The role of serotonin in compulsive behaviour in humans (OCD-project)
The OCD-project is a double-blind placebo-controlled study of individuals with the Obsessive-Compulsive Disorder (OCD) and healthy individuals matched on sex and age. Here, we evaluate how a three-week treatment with the drug selective serotonin reuptake inhibitor (SSRI) affects the serotonin receptor 4, measured with Positron Emission Tomography (PET), and compulsive behaviour, measured with functional Magnetic Resonance Imaging (fMRI) and sophisticated neuropsychological testing (Cambridge Neuropsychological Test Automated Battery and EMOTICOM). The project is a collaboration between NRU and Professor and cognition expert Trevor Robbins and post doc Paula Banca from The University of Cambridge, UK.
We are currently recruiting OCD-patients. The currrent enrollment status in the project is displayed to the left.
If you are interested in participating, please click here to know more.
Inappropriately repeating a behaviour, such as repeating washing rituals, symmetry compulsions or checking rituals, is what we refer to as compulsive behaviour. That is a core and disabling symptom in OCD. Individuals with OCD are treated with SSRIs that prolong serotonin signalling by blocking its reuptake in the synapse. However, it remains unknown how serotonin and compulsive behaviour are associated, a central question that we are addressing in this study.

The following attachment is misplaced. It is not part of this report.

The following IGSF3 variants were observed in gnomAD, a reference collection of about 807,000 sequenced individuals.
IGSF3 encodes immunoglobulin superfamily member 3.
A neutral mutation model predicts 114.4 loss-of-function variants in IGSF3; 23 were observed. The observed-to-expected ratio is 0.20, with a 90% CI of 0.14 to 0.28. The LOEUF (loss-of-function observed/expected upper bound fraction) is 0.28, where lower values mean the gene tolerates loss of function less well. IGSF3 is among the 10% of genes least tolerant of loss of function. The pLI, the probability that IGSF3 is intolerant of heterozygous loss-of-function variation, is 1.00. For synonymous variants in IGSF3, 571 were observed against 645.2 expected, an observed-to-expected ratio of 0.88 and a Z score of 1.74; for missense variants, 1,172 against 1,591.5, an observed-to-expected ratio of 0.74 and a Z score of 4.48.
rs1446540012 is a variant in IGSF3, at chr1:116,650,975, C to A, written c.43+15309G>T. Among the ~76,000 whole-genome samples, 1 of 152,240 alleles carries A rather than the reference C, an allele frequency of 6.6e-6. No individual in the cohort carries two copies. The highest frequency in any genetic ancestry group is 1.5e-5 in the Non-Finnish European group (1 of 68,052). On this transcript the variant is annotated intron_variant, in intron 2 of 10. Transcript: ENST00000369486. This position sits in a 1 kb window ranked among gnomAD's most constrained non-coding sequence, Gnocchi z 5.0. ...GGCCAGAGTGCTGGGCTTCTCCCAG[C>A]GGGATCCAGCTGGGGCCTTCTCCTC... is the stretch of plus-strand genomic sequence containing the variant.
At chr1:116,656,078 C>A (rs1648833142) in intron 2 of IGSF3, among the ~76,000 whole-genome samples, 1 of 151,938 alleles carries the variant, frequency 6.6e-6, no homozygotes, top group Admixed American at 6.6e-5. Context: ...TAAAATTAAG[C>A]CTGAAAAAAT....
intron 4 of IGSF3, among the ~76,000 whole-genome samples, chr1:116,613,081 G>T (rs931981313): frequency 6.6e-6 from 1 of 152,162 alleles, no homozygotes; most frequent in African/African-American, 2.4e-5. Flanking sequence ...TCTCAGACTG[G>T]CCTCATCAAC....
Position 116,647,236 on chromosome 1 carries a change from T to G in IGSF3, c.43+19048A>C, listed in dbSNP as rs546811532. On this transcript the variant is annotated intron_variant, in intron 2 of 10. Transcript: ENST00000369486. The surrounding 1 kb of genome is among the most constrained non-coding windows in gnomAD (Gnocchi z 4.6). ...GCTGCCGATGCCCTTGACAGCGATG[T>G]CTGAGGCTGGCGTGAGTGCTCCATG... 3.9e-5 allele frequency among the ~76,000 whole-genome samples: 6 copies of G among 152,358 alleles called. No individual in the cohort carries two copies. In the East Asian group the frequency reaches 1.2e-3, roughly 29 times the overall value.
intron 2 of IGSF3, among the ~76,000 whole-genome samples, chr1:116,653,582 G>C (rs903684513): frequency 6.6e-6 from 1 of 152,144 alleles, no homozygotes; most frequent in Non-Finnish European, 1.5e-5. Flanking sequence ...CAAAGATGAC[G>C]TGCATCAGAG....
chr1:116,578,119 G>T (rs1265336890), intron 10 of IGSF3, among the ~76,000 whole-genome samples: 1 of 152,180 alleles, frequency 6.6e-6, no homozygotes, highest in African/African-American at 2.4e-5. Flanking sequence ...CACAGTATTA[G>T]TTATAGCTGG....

Fig 1: Flow-chart of the study design
Figure 2. An experiment of breaking habits during functional MRI: The experiment is divided into three parts: A) participants are instructed to do a certain goal-directed behaviour, B) participants are building up a simple habit by repeating a behaviour a vast number of times, C) the goal-directed behaviour and the newly built-up habit are now subconsciously in competition, and the participants are required to inhibit the habit to successfully complete the task. The paradigm is described by Zwosta et al., 2018.